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West Indies entertain, with Sammy and Gangnam style

Dhaka: Darren Sammy walked into the media conference with his pads still on. With the party in the dressing room still in full swing, he didn’t get the chance to change.

The West Indies captain has long lived in the shadows of the Chris Gayles and the Sunil Narines. Doubts have been raised over his leadership qualities, but he has gone about his task in his own inimitable way.

On Friday, Sammy slammed two consecutive sixes in the last over to spark animated celebrations in the West Indies camp. They now have two victories in three matches and are in the reckoning for the semi-finals. It will be tough for the Australians to advance.

James Faulkner, who created a stir with his “I don’t particularly like them (West Indies)” comment a couple of days before the match, bowled the final over and that served as extra motivation for Sammy.

West Indies needed 31 off the last two overs and Sammy clobbered 19 off the penultimate to bring down the equation. With the first two balls of Faulkner being dot balls, the pressure was on Sammy. But he completed the job in style.

As the West Indies roared back with a six-wicket victory, the Gayles and the Sammys finally got a chance to perform a refined version of the Gangnam style.

“Chris is the leader of the dance group… He was playing the Gangnam. It wasn’t pre-planned and it came with the celebrations,” said Sammy, who remained unbeaten on 34 off 13 balls in their quest for 179.

Australia had packed their line-up with left-arm seamers, and Gayle repeatedly came down the wicket to hoist them over the infield during the first six overs. While his first 30 runs came off only 11 balls, his next 20 needed another 21. He though survived an easy stumping chance off Glenn Maxwell on 26.

It was not until leg-spinner James Muirhead came in that Gayle paid the price for his adventurous ways. The googly was hoisted straight to deep mid-wicket. Once Gayle had laid the foundation, it was left to the others to carry on the good work.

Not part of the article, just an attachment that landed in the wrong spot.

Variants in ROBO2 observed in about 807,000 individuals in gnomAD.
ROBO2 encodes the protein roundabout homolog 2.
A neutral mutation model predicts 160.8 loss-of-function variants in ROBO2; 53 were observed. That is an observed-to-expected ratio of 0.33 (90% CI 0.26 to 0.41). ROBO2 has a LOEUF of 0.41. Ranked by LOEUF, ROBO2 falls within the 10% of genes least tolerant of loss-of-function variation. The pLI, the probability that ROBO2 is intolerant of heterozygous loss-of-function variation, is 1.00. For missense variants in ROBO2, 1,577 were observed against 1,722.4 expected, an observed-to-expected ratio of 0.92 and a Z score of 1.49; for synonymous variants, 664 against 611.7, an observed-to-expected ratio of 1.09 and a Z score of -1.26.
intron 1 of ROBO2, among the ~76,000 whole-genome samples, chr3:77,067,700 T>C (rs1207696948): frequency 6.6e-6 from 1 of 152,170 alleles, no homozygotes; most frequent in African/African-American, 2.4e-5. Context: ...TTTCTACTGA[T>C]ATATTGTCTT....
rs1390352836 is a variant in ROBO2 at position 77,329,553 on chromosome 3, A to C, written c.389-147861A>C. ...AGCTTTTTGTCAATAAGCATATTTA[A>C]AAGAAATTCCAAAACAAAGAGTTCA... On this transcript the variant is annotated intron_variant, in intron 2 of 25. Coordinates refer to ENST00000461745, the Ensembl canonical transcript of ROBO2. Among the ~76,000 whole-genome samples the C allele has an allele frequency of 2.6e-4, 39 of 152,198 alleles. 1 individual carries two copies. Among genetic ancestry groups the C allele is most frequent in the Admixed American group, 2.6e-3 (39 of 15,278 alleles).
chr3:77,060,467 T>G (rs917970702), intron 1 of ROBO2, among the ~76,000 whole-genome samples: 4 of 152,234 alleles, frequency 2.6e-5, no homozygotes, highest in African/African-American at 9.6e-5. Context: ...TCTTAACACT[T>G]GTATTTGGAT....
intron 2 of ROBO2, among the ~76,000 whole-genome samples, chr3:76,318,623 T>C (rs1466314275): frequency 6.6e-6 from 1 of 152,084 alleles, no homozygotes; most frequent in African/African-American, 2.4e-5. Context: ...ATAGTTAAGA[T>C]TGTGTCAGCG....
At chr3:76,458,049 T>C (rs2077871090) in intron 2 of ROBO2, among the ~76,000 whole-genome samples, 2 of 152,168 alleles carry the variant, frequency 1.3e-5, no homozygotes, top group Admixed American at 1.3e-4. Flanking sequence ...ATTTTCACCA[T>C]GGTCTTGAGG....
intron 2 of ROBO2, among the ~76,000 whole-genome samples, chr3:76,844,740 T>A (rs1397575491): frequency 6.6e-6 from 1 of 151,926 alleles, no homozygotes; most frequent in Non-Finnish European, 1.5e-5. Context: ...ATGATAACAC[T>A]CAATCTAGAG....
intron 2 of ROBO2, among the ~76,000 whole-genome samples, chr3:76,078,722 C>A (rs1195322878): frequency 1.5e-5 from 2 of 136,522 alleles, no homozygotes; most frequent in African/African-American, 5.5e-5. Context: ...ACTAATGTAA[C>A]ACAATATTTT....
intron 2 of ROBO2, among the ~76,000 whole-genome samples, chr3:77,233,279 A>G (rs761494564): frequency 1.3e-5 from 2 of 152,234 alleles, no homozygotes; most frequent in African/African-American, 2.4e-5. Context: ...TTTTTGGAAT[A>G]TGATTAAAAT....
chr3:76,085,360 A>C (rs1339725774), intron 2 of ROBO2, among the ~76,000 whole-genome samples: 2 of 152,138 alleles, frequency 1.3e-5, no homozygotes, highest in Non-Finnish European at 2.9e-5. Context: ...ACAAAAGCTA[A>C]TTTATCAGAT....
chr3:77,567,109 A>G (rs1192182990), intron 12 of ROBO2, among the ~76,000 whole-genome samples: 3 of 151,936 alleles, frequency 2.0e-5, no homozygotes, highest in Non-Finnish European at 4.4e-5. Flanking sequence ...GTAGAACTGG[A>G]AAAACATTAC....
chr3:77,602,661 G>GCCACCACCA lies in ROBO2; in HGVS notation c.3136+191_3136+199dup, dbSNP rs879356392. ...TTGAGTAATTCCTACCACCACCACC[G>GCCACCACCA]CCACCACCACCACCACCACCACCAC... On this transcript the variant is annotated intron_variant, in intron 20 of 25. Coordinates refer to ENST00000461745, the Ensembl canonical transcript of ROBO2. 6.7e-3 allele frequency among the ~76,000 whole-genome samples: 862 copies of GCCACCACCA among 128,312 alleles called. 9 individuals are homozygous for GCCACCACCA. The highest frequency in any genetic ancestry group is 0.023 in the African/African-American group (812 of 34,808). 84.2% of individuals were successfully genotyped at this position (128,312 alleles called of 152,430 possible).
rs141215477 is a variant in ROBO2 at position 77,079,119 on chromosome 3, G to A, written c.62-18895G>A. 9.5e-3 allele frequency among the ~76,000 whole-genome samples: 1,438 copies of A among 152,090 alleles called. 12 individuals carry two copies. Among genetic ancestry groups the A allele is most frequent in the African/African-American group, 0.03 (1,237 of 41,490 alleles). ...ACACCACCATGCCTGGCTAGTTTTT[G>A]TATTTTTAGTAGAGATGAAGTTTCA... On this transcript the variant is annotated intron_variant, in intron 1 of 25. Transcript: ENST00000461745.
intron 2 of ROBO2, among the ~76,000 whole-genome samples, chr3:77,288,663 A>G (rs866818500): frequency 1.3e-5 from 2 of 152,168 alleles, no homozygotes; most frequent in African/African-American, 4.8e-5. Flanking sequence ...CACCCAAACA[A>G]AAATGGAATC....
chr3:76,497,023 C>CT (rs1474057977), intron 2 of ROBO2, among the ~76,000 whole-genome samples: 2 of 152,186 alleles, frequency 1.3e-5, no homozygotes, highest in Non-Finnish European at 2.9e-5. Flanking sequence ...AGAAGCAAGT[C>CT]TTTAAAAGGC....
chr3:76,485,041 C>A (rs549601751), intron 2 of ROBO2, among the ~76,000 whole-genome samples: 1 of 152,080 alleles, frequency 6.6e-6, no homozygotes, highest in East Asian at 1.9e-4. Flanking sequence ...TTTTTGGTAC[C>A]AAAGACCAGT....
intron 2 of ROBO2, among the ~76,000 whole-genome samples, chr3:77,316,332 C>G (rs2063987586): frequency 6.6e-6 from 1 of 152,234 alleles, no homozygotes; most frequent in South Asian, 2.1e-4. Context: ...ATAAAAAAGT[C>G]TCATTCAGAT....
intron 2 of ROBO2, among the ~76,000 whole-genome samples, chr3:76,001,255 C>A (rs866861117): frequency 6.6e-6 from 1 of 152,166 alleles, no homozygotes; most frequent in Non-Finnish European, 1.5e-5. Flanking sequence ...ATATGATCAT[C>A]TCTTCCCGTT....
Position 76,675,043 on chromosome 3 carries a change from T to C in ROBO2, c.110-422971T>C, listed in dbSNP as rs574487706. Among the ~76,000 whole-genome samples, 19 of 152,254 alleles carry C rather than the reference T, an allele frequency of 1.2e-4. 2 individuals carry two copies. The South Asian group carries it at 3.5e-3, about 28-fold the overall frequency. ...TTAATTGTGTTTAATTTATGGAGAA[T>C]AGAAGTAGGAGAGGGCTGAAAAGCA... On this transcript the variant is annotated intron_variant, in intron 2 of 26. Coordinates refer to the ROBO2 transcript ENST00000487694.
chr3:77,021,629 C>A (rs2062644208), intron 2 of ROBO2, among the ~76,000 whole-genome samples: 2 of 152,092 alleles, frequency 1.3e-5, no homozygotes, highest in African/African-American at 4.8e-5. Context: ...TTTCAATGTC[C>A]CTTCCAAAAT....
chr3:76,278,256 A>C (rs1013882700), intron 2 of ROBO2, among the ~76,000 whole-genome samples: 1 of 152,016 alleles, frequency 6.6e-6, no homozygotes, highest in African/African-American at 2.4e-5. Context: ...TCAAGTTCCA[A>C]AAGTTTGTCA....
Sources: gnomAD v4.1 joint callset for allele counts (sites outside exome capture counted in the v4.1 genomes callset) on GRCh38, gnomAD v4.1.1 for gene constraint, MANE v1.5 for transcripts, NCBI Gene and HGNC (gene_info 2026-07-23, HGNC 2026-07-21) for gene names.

Australia never left the regular fall of wickets affect their run-rate, thanks mainly to Maxwell (45 off 22 balls, 5x4, 3x6) and Brad Hodge (35 off 26 balls, 2x4, 1x6). From 100 for five, they did well to reach 178.

Had Andre Russell and Dwayne Bravo not given away 15 and 16 runs in two overs towards the end, the West Indies would have had to chase a lower target. Those two proved to be the weak links in the West Indies’ attack. A frustrated Russell even hurled a beamer at Faulkner, with the batsman narrowly getting out of the way.

Sammy later couldn’t stay away from taking a dig at Faulkner for his comments.

The following are excerpts

Darren Sammy: Cricket is a game of action… You can talk all you want but you have to play on the field. It was not easy but we fought hard for it. I don’t think he (Faulkner) will like us after this match…

There was no plans in the final over…. The first two were dot balls and I knew we needed two big hits. It’s good that we got it.

The ball stayed low and I got it where I wanted. This was a crucial win in a pressure game. Chris has been batting well and there was no worry about his form. He has been batting for long periods and that was good. He gave us the start we needed.

We had decided to come hard at them. We knew we needed to put them under pressure… Chris started hitting from the first over and that created the pressure. All the pre-match talk must have served as a motivation. We were extra motivated to go out there and chase the target.

George Bailey: It’s just cricketing skills that prompted us to get Faulkner bowl the final over. We didn’t bat particularly well… I realise its going to be pretty difficult from here to advance... We lost too many wickets in the middle. All the top-six played ordinary shots. To get 178 was pleasing and we had some chances… But we weren’t up to the standards in all three disciplines. West Indies have some big guys, and when they hit, it stays hit… I think we picked the best XV in the conditions.